Sometimes writing braces and omitting them produces the same result:

\tilde{\psi}  \mathrm{e}^{\mathrm{i} \pi}


\tilde \psi   \mathrm e^{\mathrm i \pi}

Or (taken from Werner's comment below)

\frac{1}{2} vs \frac12

If that's the case, how bad for the quality of my code is omitting them? Of course, if one compiles a pair of formulas, there is no difference. But, since I ignore how TeX works, my point is: if one writes long codes with these habits,

  1. doesn't TeX go somehow crazy because I'm not writing as it expects?
  2. For instance, does it have any effect on how fast are long documents compiled? Any reason to keep them?
  • 8
    Here's another example where things are a bit more confusing and, in my opinion, suffers from legibility: $\frac{1}{2}$ vs $\frac12$.
    – Werner
    Commented Nov 11, 2012 at 20:04
  • 11
    Same as asking if you should indent your code or keep the lines 80 or so character wide. Including braces is helpful because sometimes you might need to change something and might not realize to put the braces back e.g. p_1 to p_{01} and not p_01. Also it helps if someone else is going to read your code. In fact it is a good practice to write your code thinking that someone else will read it. At the end of the day it is a matter of personal choice.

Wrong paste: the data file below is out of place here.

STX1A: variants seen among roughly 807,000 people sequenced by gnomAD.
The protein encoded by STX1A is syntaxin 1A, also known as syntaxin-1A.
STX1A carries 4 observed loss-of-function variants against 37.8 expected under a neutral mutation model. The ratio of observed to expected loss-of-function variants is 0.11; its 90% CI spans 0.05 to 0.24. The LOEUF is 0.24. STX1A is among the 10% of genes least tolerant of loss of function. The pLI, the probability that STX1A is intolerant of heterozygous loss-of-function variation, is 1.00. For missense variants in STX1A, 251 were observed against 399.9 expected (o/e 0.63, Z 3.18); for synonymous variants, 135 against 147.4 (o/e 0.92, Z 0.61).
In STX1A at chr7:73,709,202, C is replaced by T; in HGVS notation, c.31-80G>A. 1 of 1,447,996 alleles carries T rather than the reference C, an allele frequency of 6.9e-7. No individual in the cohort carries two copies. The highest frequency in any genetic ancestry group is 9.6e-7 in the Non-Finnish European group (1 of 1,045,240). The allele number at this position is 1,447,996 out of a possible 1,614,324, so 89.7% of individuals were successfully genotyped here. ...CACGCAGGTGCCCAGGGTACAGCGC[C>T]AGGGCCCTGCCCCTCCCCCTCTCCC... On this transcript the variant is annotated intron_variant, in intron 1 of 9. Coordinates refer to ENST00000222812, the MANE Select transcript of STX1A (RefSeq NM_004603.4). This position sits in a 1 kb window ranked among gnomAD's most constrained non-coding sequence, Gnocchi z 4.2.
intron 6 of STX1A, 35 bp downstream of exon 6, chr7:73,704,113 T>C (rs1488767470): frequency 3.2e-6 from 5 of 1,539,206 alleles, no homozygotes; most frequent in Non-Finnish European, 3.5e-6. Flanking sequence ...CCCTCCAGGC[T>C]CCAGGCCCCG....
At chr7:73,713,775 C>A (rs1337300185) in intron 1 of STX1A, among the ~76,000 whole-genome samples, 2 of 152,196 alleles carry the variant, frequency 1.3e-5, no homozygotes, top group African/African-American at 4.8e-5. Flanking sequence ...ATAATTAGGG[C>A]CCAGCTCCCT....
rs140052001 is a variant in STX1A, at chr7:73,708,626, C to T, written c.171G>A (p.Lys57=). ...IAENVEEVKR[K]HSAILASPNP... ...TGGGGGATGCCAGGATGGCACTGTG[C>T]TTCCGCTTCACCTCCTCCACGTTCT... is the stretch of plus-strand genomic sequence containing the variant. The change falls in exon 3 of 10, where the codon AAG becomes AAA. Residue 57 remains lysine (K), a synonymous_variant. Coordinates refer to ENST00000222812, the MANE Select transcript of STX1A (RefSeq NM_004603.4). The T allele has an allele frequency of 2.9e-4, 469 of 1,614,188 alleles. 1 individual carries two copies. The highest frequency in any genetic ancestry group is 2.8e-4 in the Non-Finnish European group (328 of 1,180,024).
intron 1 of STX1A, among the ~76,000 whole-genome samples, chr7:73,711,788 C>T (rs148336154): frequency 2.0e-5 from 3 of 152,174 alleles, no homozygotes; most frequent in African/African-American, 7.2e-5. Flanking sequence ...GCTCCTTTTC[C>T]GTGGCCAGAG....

– mythealias
    Commented Nov 11, 2012 at 20:12
  • 4
    Omitting the braces hinders legibility of source code. If the problem is that the braces are hard to type with your keyboard, then follow my usual advice: buy your keyboard with whatever layout you prefer, as long as it's "International". :)
    – egreg
    Commented Nov 11, 2012 at 20:14
  • 13
    I like this question, and I love typing without any extraneous spaces or brackets. And I have no problems reading the stuff, so people who claim that it's more readable speak for themselves, just like I speak for myself... the point is that there's probably no good answer to this question. Commented Nov 11, 2012 at 20:23
  • 6
    @Werner: Note that \frac12 is not Knuthian - in Plain Tex one writes 1 \over 2, which is more readable (if perhaps more dangerous) than \frac{1}{2}. Commented Nov 15, 2012 at 12:29

6 Answers 6


(Disclaimer: The question clearly says "even when the result is the same", which I answer by saying that when the result is the same, the result is the same. However, there are (numerous) examples when the result is not the same, see e.g. Frank Mittelbach's answer!)

There is only one valid answer in my opinion: From the TeX's point of view, if there is no difference, there is no difference (what a nice tautology). So from the TeX's point of view, it is not "bad".